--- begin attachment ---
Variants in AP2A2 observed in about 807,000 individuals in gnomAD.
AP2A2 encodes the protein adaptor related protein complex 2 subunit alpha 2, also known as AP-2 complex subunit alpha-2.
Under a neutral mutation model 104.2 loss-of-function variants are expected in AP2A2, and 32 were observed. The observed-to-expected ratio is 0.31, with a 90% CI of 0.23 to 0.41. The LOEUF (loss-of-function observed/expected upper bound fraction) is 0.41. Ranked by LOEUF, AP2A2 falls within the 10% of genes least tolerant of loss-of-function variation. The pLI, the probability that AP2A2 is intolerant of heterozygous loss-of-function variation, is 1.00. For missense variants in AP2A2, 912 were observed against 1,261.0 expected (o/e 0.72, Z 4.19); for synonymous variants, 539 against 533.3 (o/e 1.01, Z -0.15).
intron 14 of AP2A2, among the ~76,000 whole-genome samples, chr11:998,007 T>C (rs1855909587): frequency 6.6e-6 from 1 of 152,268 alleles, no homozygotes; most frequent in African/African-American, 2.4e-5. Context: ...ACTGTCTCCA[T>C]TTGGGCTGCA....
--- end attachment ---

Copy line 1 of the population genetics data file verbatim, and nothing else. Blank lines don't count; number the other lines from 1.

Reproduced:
Variants in AP2A2 observed in about 807,000 individuals in gnomAD.